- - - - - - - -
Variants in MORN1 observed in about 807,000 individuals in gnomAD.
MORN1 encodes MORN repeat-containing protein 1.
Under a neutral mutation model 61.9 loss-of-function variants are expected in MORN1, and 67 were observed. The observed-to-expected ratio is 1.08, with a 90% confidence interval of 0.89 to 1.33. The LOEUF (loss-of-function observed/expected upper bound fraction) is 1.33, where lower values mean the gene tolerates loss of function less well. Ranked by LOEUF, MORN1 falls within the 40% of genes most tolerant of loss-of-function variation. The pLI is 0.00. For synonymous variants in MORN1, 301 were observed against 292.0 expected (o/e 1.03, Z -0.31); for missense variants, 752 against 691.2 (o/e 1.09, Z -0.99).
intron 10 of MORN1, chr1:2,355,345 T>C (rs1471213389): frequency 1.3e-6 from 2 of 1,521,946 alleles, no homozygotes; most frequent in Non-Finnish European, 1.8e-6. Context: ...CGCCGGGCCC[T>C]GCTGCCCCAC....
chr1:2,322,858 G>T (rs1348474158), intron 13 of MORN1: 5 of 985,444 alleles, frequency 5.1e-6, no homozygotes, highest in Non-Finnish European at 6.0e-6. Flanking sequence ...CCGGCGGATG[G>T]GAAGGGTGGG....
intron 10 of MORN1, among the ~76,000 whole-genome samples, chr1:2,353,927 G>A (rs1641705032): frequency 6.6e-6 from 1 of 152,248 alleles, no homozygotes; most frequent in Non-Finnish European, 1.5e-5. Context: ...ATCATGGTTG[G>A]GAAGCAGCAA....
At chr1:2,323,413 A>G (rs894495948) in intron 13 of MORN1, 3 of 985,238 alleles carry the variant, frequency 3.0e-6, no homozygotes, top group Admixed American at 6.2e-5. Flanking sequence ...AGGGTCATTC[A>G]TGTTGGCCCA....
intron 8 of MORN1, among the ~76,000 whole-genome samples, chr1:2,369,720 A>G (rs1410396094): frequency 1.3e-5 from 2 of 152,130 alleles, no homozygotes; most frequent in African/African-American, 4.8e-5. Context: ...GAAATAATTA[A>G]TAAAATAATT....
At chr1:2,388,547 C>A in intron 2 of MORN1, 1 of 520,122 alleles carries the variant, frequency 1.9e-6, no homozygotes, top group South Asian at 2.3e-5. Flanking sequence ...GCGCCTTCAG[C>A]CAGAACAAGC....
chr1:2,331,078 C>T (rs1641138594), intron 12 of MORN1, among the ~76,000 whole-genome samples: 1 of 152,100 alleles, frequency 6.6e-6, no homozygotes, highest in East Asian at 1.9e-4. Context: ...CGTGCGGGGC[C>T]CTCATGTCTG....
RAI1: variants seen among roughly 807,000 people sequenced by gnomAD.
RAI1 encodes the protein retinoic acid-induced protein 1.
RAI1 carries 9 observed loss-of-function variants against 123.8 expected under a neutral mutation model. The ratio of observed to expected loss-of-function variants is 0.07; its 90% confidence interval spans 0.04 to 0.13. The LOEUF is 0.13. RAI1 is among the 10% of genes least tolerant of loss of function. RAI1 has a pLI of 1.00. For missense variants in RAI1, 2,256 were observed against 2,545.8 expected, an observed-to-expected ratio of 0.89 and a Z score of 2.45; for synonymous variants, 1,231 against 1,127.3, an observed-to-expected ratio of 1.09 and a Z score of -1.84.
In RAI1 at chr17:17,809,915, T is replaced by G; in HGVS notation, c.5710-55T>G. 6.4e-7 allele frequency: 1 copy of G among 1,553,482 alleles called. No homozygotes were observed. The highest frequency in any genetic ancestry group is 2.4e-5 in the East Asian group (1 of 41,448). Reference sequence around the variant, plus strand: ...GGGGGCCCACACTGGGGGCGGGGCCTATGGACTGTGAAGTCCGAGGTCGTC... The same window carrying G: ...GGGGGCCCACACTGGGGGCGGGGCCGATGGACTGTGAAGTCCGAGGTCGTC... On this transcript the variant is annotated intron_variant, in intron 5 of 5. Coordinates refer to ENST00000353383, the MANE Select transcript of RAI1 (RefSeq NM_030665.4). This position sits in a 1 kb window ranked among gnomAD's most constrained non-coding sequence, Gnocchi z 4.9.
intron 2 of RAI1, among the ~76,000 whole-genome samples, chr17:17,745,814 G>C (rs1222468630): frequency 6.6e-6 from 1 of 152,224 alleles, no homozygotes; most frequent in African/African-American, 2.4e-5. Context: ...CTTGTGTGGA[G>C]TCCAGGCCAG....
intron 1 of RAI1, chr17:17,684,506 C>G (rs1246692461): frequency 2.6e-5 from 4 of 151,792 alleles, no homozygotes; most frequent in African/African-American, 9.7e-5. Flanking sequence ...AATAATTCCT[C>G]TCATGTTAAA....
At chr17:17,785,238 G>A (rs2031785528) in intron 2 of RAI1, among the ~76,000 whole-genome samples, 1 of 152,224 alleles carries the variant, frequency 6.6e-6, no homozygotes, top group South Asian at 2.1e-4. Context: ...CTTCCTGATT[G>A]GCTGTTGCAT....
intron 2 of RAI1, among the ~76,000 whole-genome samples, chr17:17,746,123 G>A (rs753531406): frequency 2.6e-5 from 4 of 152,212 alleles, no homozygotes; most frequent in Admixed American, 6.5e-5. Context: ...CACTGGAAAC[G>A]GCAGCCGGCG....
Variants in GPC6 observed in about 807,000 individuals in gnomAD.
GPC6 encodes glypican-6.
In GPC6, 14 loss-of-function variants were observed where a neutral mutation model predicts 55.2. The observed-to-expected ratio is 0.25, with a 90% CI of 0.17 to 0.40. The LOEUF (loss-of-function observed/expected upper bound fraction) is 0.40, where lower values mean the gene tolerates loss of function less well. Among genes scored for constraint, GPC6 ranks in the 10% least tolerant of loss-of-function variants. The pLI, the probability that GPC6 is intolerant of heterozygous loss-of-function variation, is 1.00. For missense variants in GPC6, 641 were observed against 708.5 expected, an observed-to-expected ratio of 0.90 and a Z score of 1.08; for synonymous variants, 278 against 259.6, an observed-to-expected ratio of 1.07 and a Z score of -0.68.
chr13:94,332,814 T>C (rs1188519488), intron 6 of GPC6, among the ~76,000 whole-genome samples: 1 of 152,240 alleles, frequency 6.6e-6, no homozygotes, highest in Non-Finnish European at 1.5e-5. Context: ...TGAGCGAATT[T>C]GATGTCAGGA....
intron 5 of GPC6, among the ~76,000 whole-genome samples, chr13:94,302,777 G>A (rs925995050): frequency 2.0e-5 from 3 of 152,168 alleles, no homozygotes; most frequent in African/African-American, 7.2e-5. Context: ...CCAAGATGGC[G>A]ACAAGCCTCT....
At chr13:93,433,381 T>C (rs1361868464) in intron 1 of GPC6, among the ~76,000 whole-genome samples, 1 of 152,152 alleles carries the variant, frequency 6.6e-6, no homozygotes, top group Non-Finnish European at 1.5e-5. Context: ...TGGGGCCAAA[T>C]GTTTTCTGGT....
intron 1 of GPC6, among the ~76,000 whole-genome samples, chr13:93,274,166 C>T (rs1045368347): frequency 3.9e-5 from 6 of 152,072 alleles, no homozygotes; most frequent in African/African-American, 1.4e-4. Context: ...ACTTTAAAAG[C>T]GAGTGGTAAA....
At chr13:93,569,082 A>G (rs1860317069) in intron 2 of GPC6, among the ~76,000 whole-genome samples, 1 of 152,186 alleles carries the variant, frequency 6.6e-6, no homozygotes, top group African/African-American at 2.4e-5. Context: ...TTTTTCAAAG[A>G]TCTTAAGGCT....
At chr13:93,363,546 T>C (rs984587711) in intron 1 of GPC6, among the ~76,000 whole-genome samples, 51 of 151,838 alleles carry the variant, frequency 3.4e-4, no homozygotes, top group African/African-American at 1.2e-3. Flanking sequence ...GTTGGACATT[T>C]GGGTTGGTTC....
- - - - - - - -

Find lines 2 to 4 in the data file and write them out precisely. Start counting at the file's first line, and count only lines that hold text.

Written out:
MORN1 encodes MORN repeat-containing protein 1.
Under a neutral mutation model 61.9 loss-of-function variants are expected in MORN1, and 67 were observed. The observed-to-expected ratio is 1.08, with a 90% confidence interval of 0.89 to 1.33. The LOEUF (loss-of-function observed/expected upper bound fraction) is 1.33, where lower values mean the gene tolerates loss of function less well. Ranked by LOEUF, MORN1 falls within the 40% of genes most tolerant of loss-of-function variation. The pLI is 0.00. For synonymous variants in MORN1, 301 were observed against 292.0 expected (o/e 1.03, Z -0.31); for missense variants, 752 against 691.2 (o/e 1.09, Z -0.99).
intron 10 of MORN1, chr1:2,355,345 T>C (rs1471213389): frequency 1.3e-6 from 2 of 1,521,946 alleles, no homozygotes; most frequent in Non-Finnish European, 1.8e-6. Context: ...CGCCGGGCCC[T>C]GCTGCCCCAC....